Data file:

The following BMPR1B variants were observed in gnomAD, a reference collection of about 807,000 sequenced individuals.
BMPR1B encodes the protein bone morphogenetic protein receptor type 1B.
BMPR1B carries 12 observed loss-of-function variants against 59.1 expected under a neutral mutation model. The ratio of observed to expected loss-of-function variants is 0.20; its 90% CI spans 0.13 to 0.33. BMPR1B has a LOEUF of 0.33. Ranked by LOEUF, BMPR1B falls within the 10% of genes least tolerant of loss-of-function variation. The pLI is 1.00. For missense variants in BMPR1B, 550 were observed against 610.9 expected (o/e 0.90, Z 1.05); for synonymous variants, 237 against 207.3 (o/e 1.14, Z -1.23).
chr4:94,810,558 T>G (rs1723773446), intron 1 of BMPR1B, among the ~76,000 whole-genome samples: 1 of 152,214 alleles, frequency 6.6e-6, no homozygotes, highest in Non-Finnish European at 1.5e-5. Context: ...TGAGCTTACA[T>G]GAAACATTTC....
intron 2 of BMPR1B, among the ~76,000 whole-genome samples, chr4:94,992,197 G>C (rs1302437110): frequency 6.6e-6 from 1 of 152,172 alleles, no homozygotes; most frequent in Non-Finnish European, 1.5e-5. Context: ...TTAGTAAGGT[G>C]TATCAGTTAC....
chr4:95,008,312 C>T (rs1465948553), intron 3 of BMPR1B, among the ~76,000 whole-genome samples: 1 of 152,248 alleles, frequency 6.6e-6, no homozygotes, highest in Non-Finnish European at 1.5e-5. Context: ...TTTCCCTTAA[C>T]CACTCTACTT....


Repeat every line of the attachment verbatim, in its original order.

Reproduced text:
The following BMPR1B variants were observed in gnomAD, a reference collection of about 807,000 sequenced individuals.
BMPR1B encodes the protein bone morphogenetic protein receptor type 1B.
BMPR1B carries 12 observed loss-of-function variants against 59.1 expected under a neutral mutation model. The ratio of observed to expected loss-of-function variants is 0.20; its 90% CI spans 0.13 to 0.33. BMPR1B has a LOEUF of 0.33. Ranked by LOEUF, BMPR1B falls within the 10% of genes least tolerant of loss-of-function variation. The pLI is 1.00. For missense variants in BMPR1B, 550 were observed against 610.9 expected (o/e 0.90, Z 1.05); for synonymous variants, 237 against 207.3 (o/e 1.14, Z -1.23).
chr4:94,810,558 T>G (rs1723773446), intron 1 of BMPR1B, among the ~76,000 whole-genome samples: 1 of 152,214 alleles, frequency 6.6e-6, no homozygotes, highest in Non-Finnish European at 1.5e-5. Context: ...TGAGCTTACA[T>G]GAAACATTTC....
intron 2 of BMPR1B, among the ~76,000 whole-genome samples, chr4:94,992,197 G>C (rs1302437110): frequency 6.6e-6 from 1 of 152,172 alleles, no homozygotes; most frequent in Non-Finnish European, 1.5e-5. Context: ...TTAGTAAGGT[G>C]TATCAGTTAC....
chr4:95,008,312 C>T (rs1465948553), intron 3 of BMPR1B, among the ~76,000 whole-genome samples: 1 of 152,248 alleles, frequency 6.6e-6, no homozygotes, highest in Non-Finnish European at 1.5e-5. Context: ...TTTCCCTTAA[C>T]CACTCTACTT....